Posthumous doctorate still counts on her bucket list

May 03, 2016 / by / 5 Comments
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The College of Doctoral Studies' first ever posthumous degree honors Karen Banks, a 30-year educator.

The College of Doctoral Studies’ first ever posthumous degree honors Karen Banks, a 30-year educator. Photo by Johnnie Banks 

By Jeannette Cruz
GCU News Bureau

Karen Susanne Banks wanted to do two things in life – succeed as an educator, and travel with her best friend and husband, Johnnie.

She accomplished both, with flying colors, but seven months before she reached another goal – graduating from Grand Canyon University with a doctorate in educational leadership – she died from cardiac arrest at age 58.

Knowing how much it meant to her, Johnnie decided to get her diploma and celebrate her accomplishment posthumously. For him, this was no easy matter. It meant driving more than 3,000 miles from New Jersey.

“As soon as I got her diploma in my hands, I could feel her love and her warmth all around me,” Johnnie said. “It was amazing.”

From the time he met her in high school, Johnnie could tell Karen was passionate about learning.

Johnnie-cropped

Johnnie Banks proudly shows off his wife’s diploma. Submitted photo

“She was a nerd and I was the football player with combat boots and untied shoelaces – but I was also the ‘nerd protector,’ as people called me,” he said.

It was also during that time that Johnnie taught Karen how to kiss, and in return, Karen taught Johnnie how to love. They married after college and had four children – John, Kenda, Jarrett and Jordan.

Karen also worked full-time as a curriculum supervisor for reading and language arts for a K-12 school district in New Jersey. She had obtained a bachelor’s from Princeton University in 1978,  a  master’s degree in English  from Rutgers University in 1997 and a master’s in writing arts from Rowan University in 2009.

It was Johnnie who talked Karen out of getting a third master’s degree and to instead push her education a step further.

“She had gotten so comfortable with the master’s programs and she was afraid, so at the point she said she was going for her doctorate’s I gave her nothing but support,” Johnnie said.

RV

Karen and Johnnie Banks traveled across the United States for 12 years. Even in travel she was able to combine her love of writing, photography and wildlife. Photo by Johnnie Banks 

Johnnie made the cross country trek to Karen’s latest alma mater in the 40-foot diesel pusher that was their “private home,” the space that Karen filled with her writing, art and photography. It was here that Karen had completed her studies, the place in which Johnnie had proposed to her for the second time after she had lost her wedding band, and the vehicle they used to drop off their children for their first year of college. They only needed two more states to complete their United States travel — Alaska and Hawaii.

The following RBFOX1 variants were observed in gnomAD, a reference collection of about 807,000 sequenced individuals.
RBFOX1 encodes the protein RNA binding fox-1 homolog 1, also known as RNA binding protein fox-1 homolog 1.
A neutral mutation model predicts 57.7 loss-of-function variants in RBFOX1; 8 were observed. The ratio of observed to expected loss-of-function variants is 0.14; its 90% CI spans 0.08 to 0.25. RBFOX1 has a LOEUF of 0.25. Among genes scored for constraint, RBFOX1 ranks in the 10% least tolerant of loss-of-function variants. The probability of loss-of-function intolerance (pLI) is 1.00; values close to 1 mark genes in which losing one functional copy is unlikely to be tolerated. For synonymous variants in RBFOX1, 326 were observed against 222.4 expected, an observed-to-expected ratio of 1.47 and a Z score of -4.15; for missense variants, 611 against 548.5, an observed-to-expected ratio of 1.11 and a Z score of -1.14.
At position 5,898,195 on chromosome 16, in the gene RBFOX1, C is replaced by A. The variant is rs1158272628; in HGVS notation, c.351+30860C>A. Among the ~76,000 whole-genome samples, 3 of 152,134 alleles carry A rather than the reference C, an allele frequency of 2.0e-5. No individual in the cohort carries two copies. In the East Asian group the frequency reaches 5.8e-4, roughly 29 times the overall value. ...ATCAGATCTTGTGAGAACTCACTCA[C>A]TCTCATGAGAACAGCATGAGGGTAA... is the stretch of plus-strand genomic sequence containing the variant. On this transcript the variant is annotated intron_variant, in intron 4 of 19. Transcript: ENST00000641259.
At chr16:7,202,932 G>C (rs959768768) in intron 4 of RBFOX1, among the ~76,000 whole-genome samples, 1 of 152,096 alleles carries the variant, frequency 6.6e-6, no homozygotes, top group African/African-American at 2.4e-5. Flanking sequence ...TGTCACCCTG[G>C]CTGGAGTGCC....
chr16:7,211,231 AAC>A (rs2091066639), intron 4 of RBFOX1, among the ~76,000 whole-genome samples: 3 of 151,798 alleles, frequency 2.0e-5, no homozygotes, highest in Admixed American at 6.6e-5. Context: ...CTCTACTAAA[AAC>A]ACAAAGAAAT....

In one of her blogs that documented many of their outdoor adventures, Karen wrote about how they would arrive at their destinations, park their RV and then jump on their bicycles together. “I love the paths, the roads less traveled, that reveal thick stands of mountain laurel around every bend in the road,” she shared.

In another post she wrote, “When asked what I would have done if I had not been an educator, I always say a park ranger.  There’s still time!”

“Karen found that she got a lot of her best work done while we were out on our recreational vehicle,” John said. “As long as she had woods, or mountains or the ocean, she’d sit back and get her inspiration.”

After Johnnie picked up Karen’s diploma in April, he drove to Tucson, where she wanted to be buried. It was one of the items to check off their bucket list. Getting the diploma was another. At her grave, he knelt down to pray and broke into a shouting cry as he raised her diploma to the mountains – “‘You did it, baby! You did it, Dr. Karen Susanne Banks!’”

At the end of the day, Johnnie said he continues to live according to his plans with Karen. Her diploma will be placed above the fireplace of their new home in Arizona.

“I know right where she wants it,” Johnnie said.

Contact Jeannette Cruz at (602) 639-6631 or jeannette.cruz@gcu.edu.

 

 

 

 

 


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5 Responses
  1. Kenda Prince

    Jeanette thank you for writing this! My mom is still living on through being recognized and talked about. I am so proud of her! This brought happy tears to my eyes. Thank you:-)

    May.03.2016 at 12:49 pm
  2. John I Banks Sr. (Karen's Johnnie)

    Jeannette, I can not place the words on paper to thank you for such a wonderful and well written peace on my wonderful love and wife.
    Thank you for allowing others to be able to see who this wonderful and loving woman and educator was and how she also enjoyed this life.
    Thank you

    May.04.2016 at 10:26 am
  3. Kathy Sands

    A friend posted this article on my Facebook today. What I want to add is that although I met Karen Banks on several occasions and enjoyed her humor and friendship, it was her humility and Baha’i life of faithfulness and service which touched me the most. I did not know she had passed or studied for a Ph.D. May her spirit rejoice in nearness to God in the company of the holy ones.

    May.04.2016 at 5:08 pm
  4. Tricia Hilbun

    What an amazing story to share! Congrats to Karen for never giving up on her dream.

    May.11.2016 at 5:57 am
  5. Raymond Meriweather

    Praying for the family and Johnnie, as a PA educator and pastor and a PhD candidate, I am glad that you helped to finish your wife’s bucket list.

    Jun.20.2016 at 2:09 pm
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